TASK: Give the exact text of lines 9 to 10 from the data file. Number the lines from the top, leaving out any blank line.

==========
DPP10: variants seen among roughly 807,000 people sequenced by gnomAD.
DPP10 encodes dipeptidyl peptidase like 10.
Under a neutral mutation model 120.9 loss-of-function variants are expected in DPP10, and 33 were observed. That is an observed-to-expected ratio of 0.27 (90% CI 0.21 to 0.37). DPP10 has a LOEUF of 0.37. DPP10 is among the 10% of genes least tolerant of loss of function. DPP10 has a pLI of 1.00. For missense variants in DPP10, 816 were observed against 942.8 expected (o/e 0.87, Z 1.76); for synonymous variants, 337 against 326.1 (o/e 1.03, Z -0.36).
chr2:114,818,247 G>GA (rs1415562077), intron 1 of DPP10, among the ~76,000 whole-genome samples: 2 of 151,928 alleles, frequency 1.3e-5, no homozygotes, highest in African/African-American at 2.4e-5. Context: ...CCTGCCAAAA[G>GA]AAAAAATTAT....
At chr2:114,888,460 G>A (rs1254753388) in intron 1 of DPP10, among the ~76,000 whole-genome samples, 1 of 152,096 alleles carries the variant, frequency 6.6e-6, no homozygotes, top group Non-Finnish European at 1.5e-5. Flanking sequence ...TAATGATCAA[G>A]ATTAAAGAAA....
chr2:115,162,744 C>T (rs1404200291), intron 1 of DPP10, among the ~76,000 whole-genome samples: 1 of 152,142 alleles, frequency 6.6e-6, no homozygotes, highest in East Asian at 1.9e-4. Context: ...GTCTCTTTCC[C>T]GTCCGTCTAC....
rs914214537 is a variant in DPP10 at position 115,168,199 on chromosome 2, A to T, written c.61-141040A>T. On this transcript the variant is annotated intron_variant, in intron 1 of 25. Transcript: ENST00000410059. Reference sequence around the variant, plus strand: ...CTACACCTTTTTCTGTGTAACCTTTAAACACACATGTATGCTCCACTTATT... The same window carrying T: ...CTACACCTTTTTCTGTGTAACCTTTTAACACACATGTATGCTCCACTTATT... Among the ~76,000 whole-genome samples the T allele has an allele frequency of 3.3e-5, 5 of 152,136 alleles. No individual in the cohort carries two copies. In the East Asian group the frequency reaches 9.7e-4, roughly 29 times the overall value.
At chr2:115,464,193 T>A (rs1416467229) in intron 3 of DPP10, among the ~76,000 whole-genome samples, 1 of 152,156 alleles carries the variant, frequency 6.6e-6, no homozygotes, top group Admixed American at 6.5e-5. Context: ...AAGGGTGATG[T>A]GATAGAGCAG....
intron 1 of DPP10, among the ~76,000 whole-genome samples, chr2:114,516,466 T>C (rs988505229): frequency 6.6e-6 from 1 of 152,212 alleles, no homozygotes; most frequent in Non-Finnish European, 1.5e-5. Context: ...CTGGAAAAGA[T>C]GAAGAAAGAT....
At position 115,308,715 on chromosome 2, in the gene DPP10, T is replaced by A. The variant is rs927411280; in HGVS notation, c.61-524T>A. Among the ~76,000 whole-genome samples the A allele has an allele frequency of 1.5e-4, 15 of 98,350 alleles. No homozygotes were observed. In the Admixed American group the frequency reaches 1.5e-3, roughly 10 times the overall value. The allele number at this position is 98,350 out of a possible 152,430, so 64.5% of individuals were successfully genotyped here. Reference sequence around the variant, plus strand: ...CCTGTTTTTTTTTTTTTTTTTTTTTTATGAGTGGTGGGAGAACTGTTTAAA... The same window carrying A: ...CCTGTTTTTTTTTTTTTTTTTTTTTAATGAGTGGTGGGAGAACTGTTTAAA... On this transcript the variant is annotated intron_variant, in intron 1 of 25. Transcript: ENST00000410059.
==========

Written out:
intron 1 of DPP10, among the ~76,000 whole-genome samples, chr2:114,516,466 T>C (rs988505229): frequency 6.6e-6 from 1 of 152,212 alleles, no homozygotes; most frequent in Non-Finnish European, 1.5e-5. Context: ...CTGGAAAAGA[T>C]GAAGAAAGAT....
At position 115,308,715 on chromosome 2, in the gene DPP10, T is replaced by A. The variant is rs927411280; in HGVS notation, c.61-524T>A. Among the ~76,000 whole-genome samples the A allele has an allele frequency of 1.5e-4, 15 of 98,350 alleles. No homozygotes were observed. In the Admixed American group the frequency reaches 1.5e-3, roughly 10 times the overall value. The allele number at this position is 98,350 out of a possible 152,430, so 64.5% of individuals were successfully genotyped here. Reference sequence around the variant, plus strand: ...CCTGTTTTTTTTTTTTTTTTTTTTTTATGAGTGGTGGGAGAACTGTTTAAA... The same window carrying A: ...CCTGTTTTTTTTTTTTTTTTTTTTTAATGAGTGGTGGGAGAACTGTTTAAA... On this transcript the variant is annotated intron_variant, in intron 1 of 25. Transcript: ENST00000410059.